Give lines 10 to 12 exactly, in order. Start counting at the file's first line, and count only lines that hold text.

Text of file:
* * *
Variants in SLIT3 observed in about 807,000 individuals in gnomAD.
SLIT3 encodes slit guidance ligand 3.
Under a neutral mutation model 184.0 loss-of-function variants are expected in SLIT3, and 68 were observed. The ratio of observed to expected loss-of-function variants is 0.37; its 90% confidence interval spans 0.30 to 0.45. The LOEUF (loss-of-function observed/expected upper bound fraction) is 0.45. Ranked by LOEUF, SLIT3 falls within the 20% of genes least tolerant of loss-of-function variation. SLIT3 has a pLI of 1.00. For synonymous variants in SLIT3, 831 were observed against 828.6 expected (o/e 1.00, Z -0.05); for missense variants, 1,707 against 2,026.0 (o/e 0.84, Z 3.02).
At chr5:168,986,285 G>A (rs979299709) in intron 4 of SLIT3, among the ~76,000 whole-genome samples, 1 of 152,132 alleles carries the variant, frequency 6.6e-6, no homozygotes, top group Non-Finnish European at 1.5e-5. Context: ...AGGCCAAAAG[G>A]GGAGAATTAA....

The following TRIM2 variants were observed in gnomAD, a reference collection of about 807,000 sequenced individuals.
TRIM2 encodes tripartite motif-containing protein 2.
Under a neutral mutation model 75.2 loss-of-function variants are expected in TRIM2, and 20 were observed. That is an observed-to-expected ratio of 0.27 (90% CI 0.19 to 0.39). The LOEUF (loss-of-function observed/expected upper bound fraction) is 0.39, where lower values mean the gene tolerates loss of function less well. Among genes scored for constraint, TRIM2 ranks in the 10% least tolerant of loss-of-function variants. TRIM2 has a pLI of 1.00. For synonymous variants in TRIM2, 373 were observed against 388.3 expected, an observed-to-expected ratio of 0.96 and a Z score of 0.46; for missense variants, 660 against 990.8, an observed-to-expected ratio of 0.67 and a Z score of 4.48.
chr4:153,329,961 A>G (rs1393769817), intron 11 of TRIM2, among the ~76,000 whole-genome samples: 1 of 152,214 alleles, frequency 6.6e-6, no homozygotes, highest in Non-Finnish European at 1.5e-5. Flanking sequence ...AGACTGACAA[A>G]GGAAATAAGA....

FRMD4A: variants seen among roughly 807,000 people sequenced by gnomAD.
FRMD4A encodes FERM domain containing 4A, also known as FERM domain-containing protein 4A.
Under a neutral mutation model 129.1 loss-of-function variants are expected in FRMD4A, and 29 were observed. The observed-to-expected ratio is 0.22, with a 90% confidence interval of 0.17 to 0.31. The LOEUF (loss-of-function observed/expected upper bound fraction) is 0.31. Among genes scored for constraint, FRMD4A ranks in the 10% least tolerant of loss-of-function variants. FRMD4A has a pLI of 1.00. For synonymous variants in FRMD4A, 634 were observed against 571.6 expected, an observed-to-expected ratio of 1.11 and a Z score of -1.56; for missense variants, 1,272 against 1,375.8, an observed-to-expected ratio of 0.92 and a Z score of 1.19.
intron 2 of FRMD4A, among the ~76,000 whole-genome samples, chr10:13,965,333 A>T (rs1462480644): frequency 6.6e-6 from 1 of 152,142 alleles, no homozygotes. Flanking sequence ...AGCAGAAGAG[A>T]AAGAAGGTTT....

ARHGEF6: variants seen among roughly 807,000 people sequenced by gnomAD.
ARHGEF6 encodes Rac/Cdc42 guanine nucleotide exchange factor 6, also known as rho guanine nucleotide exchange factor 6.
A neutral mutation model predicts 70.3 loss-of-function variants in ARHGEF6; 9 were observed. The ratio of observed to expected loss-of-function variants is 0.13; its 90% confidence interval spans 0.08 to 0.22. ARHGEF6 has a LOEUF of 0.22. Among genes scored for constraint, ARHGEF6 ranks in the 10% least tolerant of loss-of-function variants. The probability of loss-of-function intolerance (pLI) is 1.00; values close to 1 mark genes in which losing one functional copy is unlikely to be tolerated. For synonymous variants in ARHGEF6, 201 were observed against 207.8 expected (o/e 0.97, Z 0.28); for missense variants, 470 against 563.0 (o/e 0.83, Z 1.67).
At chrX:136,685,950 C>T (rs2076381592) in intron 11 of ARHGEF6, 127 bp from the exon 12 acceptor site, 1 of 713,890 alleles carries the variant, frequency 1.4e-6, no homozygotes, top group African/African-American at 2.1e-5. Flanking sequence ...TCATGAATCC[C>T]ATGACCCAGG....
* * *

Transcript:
FRMD4A encodes FERM domain containing 4A, also known as FERM domain-containing protein 4A.
Under a neutral mutation model 129.1 loss-of-function variants are expected in FRMD4A, and 29 were observed. The observed-to-expected ratio is 0.22, with a 90% confidence interval of 0.17 to 0.31. The LOEUF (loss-of-function observed/expected upper bound fraction) is 0.31. Among genes scored for constraint, FRMD4A ranks in the 10% least tolerant of loss-of-function variants. FRMD4A has a pLI of 1.00. For synonymous variants in FRMD4A, 634 were observed against 571.6 expected, an observed-to-expected ratio of 1.11 and a Z score of -1.56; for missense variants, 1,272 against 1,375.8, an observed-to-expected ratio of 0.92 and a Z score of 1.19.
intron 2 of FRMD4A, among the ~76,000 whole-genome samples, chr10:13,965,333 A>T (rs1462480644): frequency 6.6e-6 from 1 of 152,142 alleles, no homozygotes. Flanking sequence ...AGCAGAAGAG[A>T]AAGAAGGTTT....